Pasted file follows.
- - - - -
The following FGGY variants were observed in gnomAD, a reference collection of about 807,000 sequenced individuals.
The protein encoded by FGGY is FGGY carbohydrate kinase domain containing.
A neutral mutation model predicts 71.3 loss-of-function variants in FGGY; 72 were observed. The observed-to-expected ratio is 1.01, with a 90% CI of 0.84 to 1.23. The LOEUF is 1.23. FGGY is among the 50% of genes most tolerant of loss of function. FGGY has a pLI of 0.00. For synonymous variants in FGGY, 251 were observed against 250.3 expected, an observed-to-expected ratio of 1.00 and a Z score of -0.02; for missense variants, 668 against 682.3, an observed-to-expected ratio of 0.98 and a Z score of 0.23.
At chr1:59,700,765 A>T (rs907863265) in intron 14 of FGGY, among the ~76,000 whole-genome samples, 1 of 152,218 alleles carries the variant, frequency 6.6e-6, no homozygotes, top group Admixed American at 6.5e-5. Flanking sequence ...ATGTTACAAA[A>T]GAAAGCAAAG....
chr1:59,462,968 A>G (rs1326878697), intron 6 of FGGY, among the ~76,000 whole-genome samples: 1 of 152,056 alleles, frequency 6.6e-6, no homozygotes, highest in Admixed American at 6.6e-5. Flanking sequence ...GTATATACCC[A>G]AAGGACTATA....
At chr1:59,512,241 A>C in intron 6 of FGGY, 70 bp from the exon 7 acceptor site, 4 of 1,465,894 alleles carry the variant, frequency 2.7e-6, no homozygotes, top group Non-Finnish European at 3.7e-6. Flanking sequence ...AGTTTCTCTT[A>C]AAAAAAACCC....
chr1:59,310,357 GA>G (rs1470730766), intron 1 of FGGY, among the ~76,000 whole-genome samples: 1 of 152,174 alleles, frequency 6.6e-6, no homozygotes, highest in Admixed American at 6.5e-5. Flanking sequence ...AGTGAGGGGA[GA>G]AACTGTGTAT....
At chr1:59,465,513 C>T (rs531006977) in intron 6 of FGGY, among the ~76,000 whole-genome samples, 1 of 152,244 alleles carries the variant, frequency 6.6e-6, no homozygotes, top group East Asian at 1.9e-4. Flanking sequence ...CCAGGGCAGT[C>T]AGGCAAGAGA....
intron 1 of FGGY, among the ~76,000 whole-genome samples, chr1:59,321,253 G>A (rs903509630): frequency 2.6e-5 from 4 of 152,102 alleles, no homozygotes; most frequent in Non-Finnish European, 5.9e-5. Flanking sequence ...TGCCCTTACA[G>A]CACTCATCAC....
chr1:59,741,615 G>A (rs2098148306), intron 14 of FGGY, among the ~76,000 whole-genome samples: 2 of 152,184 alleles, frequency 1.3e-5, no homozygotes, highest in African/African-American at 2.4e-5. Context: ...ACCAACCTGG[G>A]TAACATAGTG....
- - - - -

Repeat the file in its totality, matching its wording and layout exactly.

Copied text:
The following FGGY variants were observed in gnomAD, a reference collection of about 807,000 sequenced individuals.
The protein encoded by FGGY is FGGY carbohydrate kinase domain containing.
A neutral mutation model predicts 71.3 loss-of-function variants in FGGY; 72 were observed. The observed-to-expected ratio is 1.01, with a 90% CI of 0.84 to 1.23. The LOEUF is 1.23. FGGY is among the 50% of genes most tolerant of loss of function. FGGY has a pLI of 0.00. For synonymous variants in FGGY, 251 were observed against 250.3 expected, an observed-to-expected ratio of 1.00 and a Z score of -0.02; for missense variants, 668 against 682.3, an observed-to-expected ratio of 0.98 and a Z score of 0.23.
At chr1:59,700,765 A>T (rs907863265) in intron 14 of FGGY, among the ~76,000 whole-genome samples, 1 of 152,218 alleles carries the variant, frequency 6.6e-6, no homozygotes, top group Admixed American at 6.5e-5. Flanking sequence ...ATGTTACAAA[A>T]GAAAGCAAAG....
chr1:59,462,968 A>G (rs1326878697), intron 6 of FGGY, among the ~76,000 whole-genome samples: 1 of 152,056 alleles, frequency 6.6e-6, no homozygotes, highest in Admixed American at 6.6e-5. Flanking sequence ...GTATATACCC[A>G]AAGGACTATA....
At chr1:59,512,241 A>C in intron 6 of FGGY, 70 bp from the exon 7 acceptor site, 4 of 1,465,894 alleles carry the variant, frequency 2.7e-6, no homozygotes, top group Non-Finnish European at 3.7e-6. Flanking sequence ...AGTTTCTCTT[A>C]AAAAAAACCC....
chr1:59,310,357 GA>G (rs1470730766), intron 1 of FGGY, among the ~76,000 whole-genome samples: 1 of 152,174 alleles, frequency 6.6e-6, no homozygotes, highest in Admixed American at 6.5e-5. Flanking sequence ...AGTGAGGGGA[GA>G]AACTGTGTAT....
At chr1:59,465,513 C>T (rs531006977) in intron 6 of FGGY, among the ~76,000 whole-genome samples, 1 of 152,244 alleles carries the variant, frequency 6.6e-6, no homozygotes, top group East Asian at 1.9e-4. Flanking sequence ...CCAGGGCAGT[C>T]AGGCAAGAGA....
intron 1 of FGGY, among the ~76,000 whole-genome samples, chr1:59,321,253 G>A (rs903509630): frequency 2.6e-5 from 4 of 152,102 alleles, no homozygotes; most frequent in Non-Finnish European, 5.9e-5. Flanking sequence ...TGCCCTTACA[G>A]CACTCATCAC....
chr1:59,741,615 G>A (rs2098148306), intron 14 of FGGY, among the ~76,000 whole-genome samples: 2 of 152,184 alleles, frequency 1.3e-5, no homozygotes, highest in African/African-American at 2.4e-5. Context: ...ACCAACCTGG[G>A]TAACATAGTG....